Repl unit testing allows a repl author to create code-driven tests that compare actual function output with expected output.
Supported Languages and Testing Frameworks
Why Use Unit Testing?
Unit testing is great for more complicated testing scenarios. For example, when you need to test that functions return specific values based on their (dynamic) inputs.
Each test is itself a function that follows a pattern:
- Invoke one function from your application with parameters.
- Compare the return value to an expected value (your function should always have predictable outputs)
- If the actual value does not match the expected value, throw an exception.
Here's an example using Java:
// invoke with 3.0, 4.0 as input
double area = calculateRectArea(3.0, 4.0);
// compare expected to actual
Unit testing is not ideal for testing that involves using Standard In (
System.in) and Standard Out (
System.out). Input/Output testing is ideal for testing that relies on precise usage of
Using the Testing Pane
The testing pane can be found in your left-hand sidebar in your repl. It is your hub for creating tests. Read on to find out more about how to use this helpful feature.
Defining a test function
Open the testing pane within a project.
If prompted, select "Unit tests".
Write a function within the main file that's easy to test: something which accepts parameters and returns a single result. Our example includes an
add function which simply returns the result of adding two numbers.
In a Python repl:
In a Node.js repl:
Click "+ Add test".
Providing a test will construct a unit test function for you. Only the body of the function is editable. Configure the test to invoke the
add function and compare the result to the expected value. If the actual value does not match the expected value, the assert method with throw an exception and cause the test to fail. Include a helpful failure message to explain the intent of the test.
Note: Python exposes its assert methods on the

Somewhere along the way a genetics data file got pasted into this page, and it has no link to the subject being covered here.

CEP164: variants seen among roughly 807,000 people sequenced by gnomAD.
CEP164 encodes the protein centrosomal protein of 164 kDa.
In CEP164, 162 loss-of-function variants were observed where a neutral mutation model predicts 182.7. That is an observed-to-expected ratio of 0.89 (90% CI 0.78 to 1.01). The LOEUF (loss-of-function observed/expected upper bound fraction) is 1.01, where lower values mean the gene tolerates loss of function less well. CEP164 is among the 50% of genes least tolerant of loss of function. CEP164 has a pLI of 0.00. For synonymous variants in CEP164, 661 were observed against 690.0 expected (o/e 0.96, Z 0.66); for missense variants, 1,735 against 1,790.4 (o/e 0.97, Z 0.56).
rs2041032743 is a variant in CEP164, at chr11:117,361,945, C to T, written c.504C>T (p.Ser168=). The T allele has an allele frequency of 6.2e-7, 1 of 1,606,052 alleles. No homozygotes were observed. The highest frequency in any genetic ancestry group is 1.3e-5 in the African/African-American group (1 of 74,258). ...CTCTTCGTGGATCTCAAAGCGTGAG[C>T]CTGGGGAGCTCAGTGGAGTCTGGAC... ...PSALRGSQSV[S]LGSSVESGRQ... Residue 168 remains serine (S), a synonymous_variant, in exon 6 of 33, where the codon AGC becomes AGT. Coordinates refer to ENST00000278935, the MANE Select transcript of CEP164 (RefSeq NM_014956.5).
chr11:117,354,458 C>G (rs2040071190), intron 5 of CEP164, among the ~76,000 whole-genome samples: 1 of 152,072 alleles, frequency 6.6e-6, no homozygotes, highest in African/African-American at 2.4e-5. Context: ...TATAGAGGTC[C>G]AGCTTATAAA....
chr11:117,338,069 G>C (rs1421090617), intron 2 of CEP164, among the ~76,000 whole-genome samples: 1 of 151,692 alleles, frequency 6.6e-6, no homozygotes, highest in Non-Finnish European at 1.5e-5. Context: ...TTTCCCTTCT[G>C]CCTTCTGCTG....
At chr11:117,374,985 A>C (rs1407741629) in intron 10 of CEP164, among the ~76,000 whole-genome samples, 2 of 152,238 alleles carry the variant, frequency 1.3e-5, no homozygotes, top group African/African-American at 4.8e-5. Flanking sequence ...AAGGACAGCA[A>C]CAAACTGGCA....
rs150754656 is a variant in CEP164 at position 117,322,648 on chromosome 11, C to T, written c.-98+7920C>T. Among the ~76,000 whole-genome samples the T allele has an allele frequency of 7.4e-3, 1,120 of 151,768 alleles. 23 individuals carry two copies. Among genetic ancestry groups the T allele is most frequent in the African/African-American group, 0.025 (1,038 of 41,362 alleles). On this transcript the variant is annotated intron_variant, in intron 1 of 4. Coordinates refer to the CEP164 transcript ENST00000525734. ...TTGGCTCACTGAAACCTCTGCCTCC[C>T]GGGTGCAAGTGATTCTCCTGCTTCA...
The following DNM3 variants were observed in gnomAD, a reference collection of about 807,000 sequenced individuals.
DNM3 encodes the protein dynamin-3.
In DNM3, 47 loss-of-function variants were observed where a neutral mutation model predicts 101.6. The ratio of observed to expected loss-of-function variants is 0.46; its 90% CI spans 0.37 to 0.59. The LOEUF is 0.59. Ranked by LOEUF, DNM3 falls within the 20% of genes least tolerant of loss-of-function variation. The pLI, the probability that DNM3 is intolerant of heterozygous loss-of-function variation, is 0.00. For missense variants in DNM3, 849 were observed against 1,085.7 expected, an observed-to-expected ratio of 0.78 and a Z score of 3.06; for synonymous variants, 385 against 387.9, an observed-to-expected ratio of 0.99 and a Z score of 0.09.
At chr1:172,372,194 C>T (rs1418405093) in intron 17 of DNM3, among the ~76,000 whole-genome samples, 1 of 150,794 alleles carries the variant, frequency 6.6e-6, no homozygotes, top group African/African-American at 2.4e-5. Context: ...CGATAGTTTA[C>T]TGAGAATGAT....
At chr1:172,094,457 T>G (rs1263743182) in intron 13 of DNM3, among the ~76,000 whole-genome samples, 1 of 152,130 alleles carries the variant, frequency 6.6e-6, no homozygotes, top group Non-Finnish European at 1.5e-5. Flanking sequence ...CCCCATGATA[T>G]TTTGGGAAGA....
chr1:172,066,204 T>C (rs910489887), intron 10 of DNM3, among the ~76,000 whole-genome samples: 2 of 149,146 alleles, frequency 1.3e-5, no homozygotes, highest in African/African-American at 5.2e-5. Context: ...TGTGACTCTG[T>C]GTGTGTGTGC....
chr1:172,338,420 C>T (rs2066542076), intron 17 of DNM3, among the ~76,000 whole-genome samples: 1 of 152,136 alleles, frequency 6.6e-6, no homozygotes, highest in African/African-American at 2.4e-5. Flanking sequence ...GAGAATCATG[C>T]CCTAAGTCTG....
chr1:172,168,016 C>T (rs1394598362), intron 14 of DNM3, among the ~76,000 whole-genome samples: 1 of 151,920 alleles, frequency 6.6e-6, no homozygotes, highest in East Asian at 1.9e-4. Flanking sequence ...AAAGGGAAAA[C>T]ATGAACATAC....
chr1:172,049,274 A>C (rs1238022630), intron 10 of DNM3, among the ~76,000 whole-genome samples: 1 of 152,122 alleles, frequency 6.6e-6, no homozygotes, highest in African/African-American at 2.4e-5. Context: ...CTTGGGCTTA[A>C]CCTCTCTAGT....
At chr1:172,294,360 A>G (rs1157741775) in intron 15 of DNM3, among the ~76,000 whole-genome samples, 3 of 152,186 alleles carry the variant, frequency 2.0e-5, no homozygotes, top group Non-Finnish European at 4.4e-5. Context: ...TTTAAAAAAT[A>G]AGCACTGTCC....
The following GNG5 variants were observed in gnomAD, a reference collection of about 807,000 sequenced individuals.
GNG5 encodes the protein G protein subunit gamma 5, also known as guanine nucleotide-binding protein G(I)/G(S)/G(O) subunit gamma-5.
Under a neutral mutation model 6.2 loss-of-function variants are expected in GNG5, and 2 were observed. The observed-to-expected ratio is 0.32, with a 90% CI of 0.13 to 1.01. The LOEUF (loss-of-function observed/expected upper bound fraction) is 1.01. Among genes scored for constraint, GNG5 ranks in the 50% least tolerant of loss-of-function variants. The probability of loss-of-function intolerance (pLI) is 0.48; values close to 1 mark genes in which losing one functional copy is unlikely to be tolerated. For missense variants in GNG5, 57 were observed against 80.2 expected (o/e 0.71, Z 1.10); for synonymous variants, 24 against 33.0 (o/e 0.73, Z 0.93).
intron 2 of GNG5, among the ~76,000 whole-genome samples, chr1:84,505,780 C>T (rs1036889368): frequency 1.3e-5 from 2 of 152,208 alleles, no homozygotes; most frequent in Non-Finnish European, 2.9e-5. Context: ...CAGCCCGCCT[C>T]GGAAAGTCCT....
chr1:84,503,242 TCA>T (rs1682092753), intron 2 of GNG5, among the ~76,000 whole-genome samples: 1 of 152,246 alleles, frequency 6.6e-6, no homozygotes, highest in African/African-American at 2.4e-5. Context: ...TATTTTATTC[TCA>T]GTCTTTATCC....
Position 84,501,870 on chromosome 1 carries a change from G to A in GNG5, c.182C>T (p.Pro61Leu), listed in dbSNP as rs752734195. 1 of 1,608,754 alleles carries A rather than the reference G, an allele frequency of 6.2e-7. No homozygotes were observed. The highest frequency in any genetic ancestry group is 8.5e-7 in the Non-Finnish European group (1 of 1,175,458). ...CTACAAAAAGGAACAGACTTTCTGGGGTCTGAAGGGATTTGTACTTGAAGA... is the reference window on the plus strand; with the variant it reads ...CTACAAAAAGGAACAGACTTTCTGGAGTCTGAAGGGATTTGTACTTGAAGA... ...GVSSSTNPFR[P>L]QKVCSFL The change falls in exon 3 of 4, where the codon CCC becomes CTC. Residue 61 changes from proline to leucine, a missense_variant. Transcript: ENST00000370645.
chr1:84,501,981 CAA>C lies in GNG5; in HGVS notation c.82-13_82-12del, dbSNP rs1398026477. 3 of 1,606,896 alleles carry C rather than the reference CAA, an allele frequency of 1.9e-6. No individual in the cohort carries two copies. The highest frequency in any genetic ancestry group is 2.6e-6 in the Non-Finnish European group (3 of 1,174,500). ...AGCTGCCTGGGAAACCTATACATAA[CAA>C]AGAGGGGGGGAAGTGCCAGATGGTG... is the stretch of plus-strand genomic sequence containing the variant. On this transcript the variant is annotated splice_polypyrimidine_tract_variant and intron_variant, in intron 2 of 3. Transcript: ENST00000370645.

self object. This behavior will be different depending on the language you use. See the "Assertion documentation" below to read about the invocation patterns for each unit testing framework.
In a Python repl:
In a Node.js repl:
Note: by default, in a Node.js repl, the exports are available via an
index variable, e.g.
index.add here. You can add your own imports too, see the "Importing Libraries" section.
Click "Run tests" to begin executing your test suite. Open the Console tab to monitor execution progress.
Test results will appear in the Console.
Imports can be configured in the "Setup" for the test suite, which is helpful if:
- Your repl has library dependencies.
- You would like to include any other library just for testing purposes.
For example, you can import NumPy for all tests. Keep in mind that this will affect all test functions within your test suite (you will not need to import more than once):
Here is an example function using NumPy:
Every other test you write can also use NumPy:
If you would like to test multiple modules or files within your repl, you must manually import them in the "Setup".
Advanced Setup and Teardown
Sometimes tests require specific setup and teardown steps to configure and destroy global state.
Consider a repl that relies on Repl Database and loads specific data by key.
Use import to include Repl Database.
Use the setup to add a database key with test data:
Use the teardown to delete the test data:
Read about the supported assert function for each unit testing library:
Tips for Writing Good Tests
- Only test one expected output at a time.
- Avoid relying on external libraries when possible.
- Avoid testing functions that rely on the entire app running (e.g. databases, network connections, rendering user-interfaces).
- Avoid testing functions that are not crucial portions of the program.
- Avoid testing functions that are part of external libraries.
Tips for Writing "Testable" Functions
- Decompose your program into discrete functions.
- Keep functions concise and descriptive.
- Design predictable inputs (parameters) and outputs (return).
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Creating a project
If you are new to projects, you can find more info on creating a project here.